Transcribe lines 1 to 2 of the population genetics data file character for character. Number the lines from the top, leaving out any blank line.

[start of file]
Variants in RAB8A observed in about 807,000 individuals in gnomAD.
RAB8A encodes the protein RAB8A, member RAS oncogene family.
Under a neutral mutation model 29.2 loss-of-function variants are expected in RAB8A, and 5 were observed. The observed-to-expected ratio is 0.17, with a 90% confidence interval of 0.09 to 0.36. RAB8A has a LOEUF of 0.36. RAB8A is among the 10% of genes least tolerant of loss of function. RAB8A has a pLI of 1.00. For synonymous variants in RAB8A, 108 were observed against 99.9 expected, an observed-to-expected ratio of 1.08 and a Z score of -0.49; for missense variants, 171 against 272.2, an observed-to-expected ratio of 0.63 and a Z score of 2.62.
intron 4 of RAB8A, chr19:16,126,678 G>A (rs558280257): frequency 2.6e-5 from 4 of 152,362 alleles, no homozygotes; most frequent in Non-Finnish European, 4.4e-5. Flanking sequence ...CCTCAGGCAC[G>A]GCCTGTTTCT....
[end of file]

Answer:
Variants in RAB8A observed in about 807,000 individuals in gnomAD.
RAB8A encodes the protein RAB8A, member RAS oncogene family.